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Needles no more: Say hello to a tube of squeezable biologics
BioPharma-Reporter.com
Drug companies are looking for ways to put biologics in topical creams or "zap" them into skin using electricity as more large molecules come off patent. Until now, topical biologics have been unpopular among developers because of permeation problems. But advances in technology and a push to stay competitive as patents expire have led drugmakers to identify new delivery methods, according to contact research organizations Kemwell and Tergus Pharma.
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Paradox lost: Speedier heart attack treatment saves more lives after all, study suggests
Medical Xpress
A national effort to shave minutes off emergency heart attack treatment time has increased the chance that each patient will survive, a new study suggests. But yet the survival rate for all patients put together hasn't budged. It seems like a paradox. But wait, say the authors of the new report: the paradox vanishes with more detailed analysis of exactly who has been getting this treatment. Far more people are getting emergency angioplasty and stents for heart attacks now than before. That number now includes more people with more complicated health issues that can put them at higher risk for dying in the hospital or soon after.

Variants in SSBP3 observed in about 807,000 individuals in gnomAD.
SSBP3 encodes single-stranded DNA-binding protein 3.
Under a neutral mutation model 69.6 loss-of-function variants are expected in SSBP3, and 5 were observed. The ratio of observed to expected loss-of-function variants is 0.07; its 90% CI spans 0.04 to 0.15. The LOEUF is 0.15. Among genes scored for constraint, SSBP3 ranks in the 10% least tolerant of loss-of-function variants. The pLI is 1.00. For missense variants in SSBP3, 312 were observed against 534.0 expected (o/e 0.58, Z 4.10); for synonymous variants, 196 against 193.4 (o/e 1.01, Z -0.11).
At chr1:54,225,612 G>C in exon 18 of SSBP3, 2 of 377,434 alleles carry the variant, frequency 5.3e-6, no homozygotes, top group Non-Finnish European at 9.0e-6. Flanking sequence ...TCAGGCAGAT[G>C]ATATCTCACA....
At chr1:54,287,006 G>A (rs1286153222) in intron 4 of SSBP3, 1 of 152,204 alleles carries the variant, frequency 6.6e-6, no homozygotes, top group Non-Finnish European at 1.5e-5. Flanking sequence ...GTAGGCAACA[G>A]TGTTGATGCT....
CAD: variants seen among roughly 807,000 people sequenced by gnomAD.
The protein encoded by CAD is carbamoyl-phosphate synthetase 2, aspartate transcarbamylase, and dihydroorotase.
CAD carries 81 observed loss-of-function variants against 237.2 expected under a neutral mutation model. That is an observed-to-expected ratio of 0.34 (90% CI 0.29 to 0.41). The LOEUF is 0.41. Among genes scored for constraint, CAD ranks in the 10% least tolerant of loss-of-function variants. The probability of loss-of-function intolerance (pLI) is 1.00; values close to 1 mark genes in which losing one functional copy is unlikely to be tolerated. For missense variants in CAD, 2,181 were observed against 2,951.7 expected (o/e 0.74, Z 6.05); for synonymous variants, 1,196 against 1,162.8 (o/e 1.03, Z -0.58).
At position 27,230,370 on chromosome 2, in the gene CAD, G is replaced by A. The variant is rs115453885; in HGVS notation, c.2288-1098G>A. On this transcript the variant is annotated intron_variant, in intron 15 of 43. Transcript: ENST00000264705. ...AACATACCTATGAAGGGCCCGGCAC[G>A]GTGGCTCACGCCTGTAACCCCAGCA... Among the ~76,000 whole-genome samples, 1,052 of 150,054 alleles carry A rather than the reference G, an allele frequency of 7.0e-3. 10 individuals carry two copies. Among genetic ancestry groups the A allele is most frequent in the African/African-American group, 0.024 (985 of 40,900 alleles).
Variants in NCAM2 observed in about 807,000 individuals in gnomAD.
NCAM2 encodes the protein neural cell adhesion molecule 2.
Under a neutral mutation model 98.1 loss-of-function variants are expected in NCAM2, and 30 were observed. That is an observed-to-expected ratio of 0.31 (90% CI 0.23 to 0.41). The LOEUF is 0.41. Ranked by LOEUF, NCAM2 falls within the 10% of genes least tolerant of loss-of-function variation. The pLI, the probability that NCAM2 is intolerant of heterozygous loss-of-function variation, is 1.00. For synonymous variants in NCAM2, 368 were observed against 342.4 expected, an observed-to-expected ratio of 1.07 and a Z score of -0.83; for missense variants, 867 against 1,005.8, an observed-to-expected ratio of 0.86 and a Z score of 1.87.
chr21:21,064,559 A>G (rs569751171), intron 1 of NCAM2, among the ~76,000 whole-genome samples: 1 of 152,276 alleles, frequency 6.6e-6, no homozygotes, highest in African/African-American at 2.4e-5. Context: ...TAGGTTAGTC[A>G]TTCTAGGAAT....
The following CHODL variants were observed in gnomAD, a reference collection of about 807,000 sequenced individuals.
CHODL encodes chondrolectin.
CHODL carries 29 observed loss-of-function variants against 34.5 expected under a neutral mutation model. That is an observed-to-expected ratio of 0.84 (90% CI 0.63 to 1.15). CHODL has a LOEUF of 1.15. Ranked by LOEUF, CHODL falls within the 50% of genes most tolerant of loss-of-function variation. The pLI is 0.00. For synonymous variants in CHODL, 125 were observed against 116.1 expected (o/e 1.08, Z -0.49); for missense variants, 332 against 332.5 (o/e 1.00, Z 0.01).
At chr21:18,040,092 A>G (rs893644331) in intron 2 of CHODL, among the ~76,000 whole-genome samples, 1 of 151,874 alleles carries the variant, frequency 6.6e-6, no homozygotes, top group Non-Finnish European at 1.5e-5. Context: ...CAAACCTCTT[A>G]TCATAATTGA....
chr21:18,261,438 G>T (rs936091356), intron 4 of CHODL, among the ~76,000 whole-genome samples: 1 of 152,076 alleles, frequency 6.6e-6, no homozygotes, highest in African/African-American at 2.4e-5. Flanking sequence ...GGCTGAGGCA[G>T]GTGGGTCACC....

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Study: Extended anti-clotting therapy cut heart attacks after stent
Reuters
Patients who took two anti-clotting drugs for 30 months after undergoing a heart stent placement significantly cut their risk of heart attacks and blood clots in the stent compared with patients receiving the dual therapy for the standard 12 months, a clinical trial showed. In this five-year study of nearly 10,000 patients who had received drug-coated stents in an artery clearing procedure, the rate of heart attacks was 2.1 percent for those who received dual anti-clotting therapy for 30 months. The rate was 4.1 percent for those who got aspirin and a placebo after 12 months of dual therapy, researchers reported. That translated to 20 fewer heart attacks per 1,000 patients treated.